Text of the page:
BdL Dos Lindas, Mar Furioso

The ship churned through the water at a fair clip.  Under the figurehead, a representation of Carrera’s first wife, Linda, murdered, with their children, by terrorists, the bow wave was barely noticeable.  This was the result of the retrofitted bulbous bow, unseen under the water, put in when the ship was retrofitted by the legions’ classis, or fleet.  That retrofit had included the addition of nuclear power and AZIPOD drive, which had made it, in the first place, of nearly infinite operational range, while the second had given it a maneuverability pretty much unknown among surface warships of that size on Terra Nova. 

The retrofitting had not stopped there, with renaming, figurehead, bow, nuclear power, and drives.  Oh, no; in addition, the far in excess of needs nuclear plant also powered three quite powerful lasers, one each forward and aft, and another above the island. 

She’d carried different armaments loads over the years, too. Initially, she’d been more of an amphib, carrying a demi-cohort of commandos and the helicopters needed to move them to shore to combat pirates, to ferret out their nests, and destroy their infrastructure.  Since the infrastructure was almost entirely blood-based, this had meant virtual extermination of the clans engaged in piracy.  The lesson was not lost on any other clans that might have been thinking about it, either.

Along with the helicopters and commandos, back then the ship had carried only enough fixed wing aircraft for reconnaissance and close support, a bare twelve of the latter.  Later, the pirates pretty much extinct or having acquired a new and profound sense of caution, she’d lost her infantry back to the ground forces, and picked up more significant anti-submarine and anti-surface capability. 


Fosa, standing on the bridge of the Dos Lindas, kept his eyes on the computer screen.  This, continuously updated, showed the plots from the reconnaissance screen spread out forward and to starboard of the classis, at a range of a couple of hundred miles. 

The nearest segment of the screen consisted of one modified Cricket, an extraordinarily effective STOL bird, essentially hovering above and five miles to starboard of the carrier at an elevation of twenty-four hundred feet.  The Cricket was linked to the carrier by a tight beam, along which travelled information garnered from the drones.  Those, an even dozen of them, were flung out in an aerial picket line forward of the classis.  The drones flew a preplanned course, though one which could be, on a case by case basis, modified in flight by the Cricket.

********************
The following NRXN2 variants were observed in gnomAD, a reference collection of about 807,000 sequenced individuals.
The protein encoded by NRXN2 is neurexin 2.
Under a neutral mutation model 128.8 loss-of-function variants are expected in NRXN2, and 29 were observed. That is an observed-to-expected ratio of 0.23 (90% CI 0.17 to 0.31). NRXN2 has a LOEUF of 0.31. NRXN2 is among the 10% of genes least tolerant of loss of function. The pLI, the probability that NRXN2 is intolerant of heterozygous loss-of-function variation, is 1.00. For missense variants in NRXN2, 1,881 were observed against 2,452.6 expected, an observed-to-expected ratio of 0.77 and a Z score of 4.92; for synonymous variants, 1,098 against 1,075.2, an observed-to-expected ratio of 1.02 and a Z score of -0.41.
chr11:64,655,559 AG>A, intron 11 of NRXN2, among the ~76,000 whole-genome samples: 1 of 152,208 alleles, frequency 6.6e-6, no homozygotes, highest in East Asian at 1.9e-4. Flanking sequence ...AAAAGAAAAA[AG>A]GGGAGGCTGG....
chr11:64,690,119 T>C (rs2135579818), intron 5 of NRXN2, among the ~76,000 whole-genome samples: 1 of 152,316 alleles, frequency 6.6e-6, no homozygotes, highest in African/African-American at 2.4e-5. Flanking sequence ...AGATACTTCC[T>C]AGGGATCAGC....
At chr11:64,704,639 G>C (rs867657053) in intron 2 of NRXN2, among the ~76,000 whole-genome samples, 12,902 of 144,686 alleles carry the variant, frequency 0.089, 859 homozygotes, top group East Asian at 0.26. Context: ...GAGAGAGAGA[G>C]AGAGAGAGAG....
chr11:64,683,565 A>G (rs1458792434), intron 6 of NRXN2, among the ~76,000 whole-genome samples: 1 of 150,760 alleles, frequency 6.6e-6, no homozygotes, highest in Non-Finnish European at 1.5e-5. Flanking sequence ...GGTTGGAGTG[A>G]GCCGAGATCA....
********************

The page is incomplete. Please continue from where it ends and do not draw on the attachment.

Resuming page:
As the drones passed over the shore inside the Zhong lodgment, over the channel between Isla Santa Catalina and the mainland, and over the island, itself, and the mostly artificial port, one thing became clear:

“Where the fuck is their fleet?” Fosa fumed.  “Have we been able to get anything on satellite?”

Balboa owned no satellites, but did have a very limited ability to tap into and use the satellites of others. The ship’s communications intelligence officer shook his head no, then said, “Against people who aren’t looking or don’t care we can sometimes get in, Skipper.  But whatever the merits and demerits of the Zhong political system, sir, give them their due; they’ve got no masters at fucking with satellites and shutting us out.”

“Yes, yes; the dirty bastards.”  Fosa scowled, then said, “And, of course, they’ve got the fucking peace fleet on their side, the best satellite reconnaissance system in existence that we know of.  We could fool it on land, and the Duque has, several times.  Not so much as sea.  They know exactly where we are, all the time, on visual.  Only reason even to try to hide ourselves is to make terminal guidance for a missile tough.  But where we are, generally?  They know that, and in real time.”

“So where do you think they are, skipper?” Comms asked.

Fosa filled his cheeks with air and blew them out, in exasperation.  “They went to sea, maybe not so much to get away from us as to get away from land-based air, now that the TU is out of it.  They may even be headed to Atlantis, though I doubt it. 

“So what are we going to do?”

That took all of three seconds thought: “We’re going to entice them back in by bombing the shit out of their lodgment and anything that supports it.” 

Fosa chewed his lower lip for a bit, then ordered, “Orient our screen out to sea two hundred miles.  Pass to the Kurita they’re to take point.  Also shunt them control of four drones. And send the all clear to raise the submarine fleet.”

“Skipper!” intel exulted, pointing at the screen.  “The Zhong fleet isn’t entirely gone.  We’ve got visual on two freighters, one airship, and a bunch of lighters.”

“Ready a strike.  But not until Kurita has done for their air defense umbrella.  Ops?”

“Yes, sir?”

“Recommendations on strike composition in twenty minutes.  Oh, and coordinate with the Legion Jan Sobieski to provide cover for the strike, again, after Kurita takes out the air defense.”